Making a Bad Deal a Better Deal
October 23, 2017
For decades, the United States has had a contentious and adversarial relationship with the dangerous, theocratic regime of Iran. It has been a nation well known for funding, training and harboring terrorists. Often times, the United States has been the target of such activity. Since 1984, Iran has been a designated state sponsor of terror and remains so. With clear evidence that Iran’s nuclear ambitions are disingenuous and threatening, it is imperative that the U.S. keeps the country accountable and devoid of dangerous nuclear weapon.
When President Obama negotiated and implemented the terribly flawed Iran Nuclear Deal back in 2015, it put the United States and our allies in an untenable situation that allowed Iran to get out from under international sanctions and resume their nuclear pursuits. I and many of my colleagues on both sides of the aisle strongly opposed and voted against the deal when it came to Congress for review. As many predicted a few years ago, the deal would eventually allow Iran to become nuclear capable. Moreover, as time passed, it was evident that Iran has sought to develop not only nuclear weapons, but also the delivery mechanisms to use those weapons against the United States and our allies.
As the President and many congressional leaders have pointed out, President Obama negotiated a bad deal. To make matters even worse, there is ample evidence that Iran is not in compliance with the current deal, and is not abiding by the Joint Comprehensive Plan of Action (JCPOA). It has attempted to undermine the provisions of the JCOPOA and sought to find loopholes to advance its nuclear ballistic missiles program, as well as blocking any attempt by the International Atomic Energy Agency (IAEA) to inspect its military sites. I support the Trump Administration’s decision to revisit our nation’s strategy addressing the JCPOA, and will work with the President to develop a new one that will ultimately keep Iran from obtaining any nuclear weapons in the near future.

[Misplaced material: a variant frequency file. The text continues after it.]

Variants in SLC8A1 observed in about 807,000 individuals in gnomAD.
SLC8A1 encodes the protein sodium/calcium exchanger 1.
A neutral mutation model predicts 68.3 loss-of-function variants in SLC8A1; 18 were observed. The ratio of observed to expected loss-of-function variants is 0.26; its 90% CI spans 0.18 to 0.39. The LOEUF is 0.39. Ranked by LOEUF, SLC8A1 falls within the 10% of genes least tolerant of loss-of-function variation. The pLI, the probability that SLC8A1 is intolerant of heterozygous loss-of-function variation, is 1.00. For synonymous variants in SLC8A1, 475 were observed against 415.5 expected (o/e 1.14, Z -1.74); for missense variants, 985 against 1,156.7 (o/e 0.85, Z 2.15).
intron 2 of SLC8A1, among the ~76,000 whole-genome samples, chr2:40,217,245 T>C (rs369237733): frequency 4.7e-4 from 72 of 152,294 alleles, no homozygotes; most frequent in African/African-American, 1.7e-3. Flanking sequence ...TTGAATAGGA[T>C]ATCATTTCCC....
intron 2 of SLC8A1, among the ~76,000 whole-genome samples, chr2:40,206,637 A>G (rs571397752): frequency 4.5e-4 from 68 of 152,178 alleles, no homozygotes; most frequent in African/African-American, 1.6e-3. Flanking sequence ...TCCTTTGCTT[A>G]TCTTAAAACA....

Additionally, the Islamic Revolutionary Guard Corps has posed a serious threat to international order and peace. It has contributed to the consolidation of power by the radical clerics who run Iran and pursued aggressive action against Iran’s neighbors and our allies. Because of its efforts to promote the “Islamic Revolution,” it is now classified by the Treasury Department as a supporter of terrorism, and will be subject to terrorism sanctions. It is a key part of the revised strategy to eradicate terrorism in the region.
Over the past few weeks, I’ve had the opportunity to meet with Administration officials to discuss the need for a new strategy for Iran. It is clear that President Trump is trying to make a bad deal a better deal. Along with stronger sanctions, the new strategy and agreement - which Congress will have a role in crafting - will hold Iran accountable. A good, effective agreement with Iran will be one that is comprehensive in nature, keeps Iran transparent and will be completely enforceable. That is President Trump's goal. It is a goal that all Americans should support.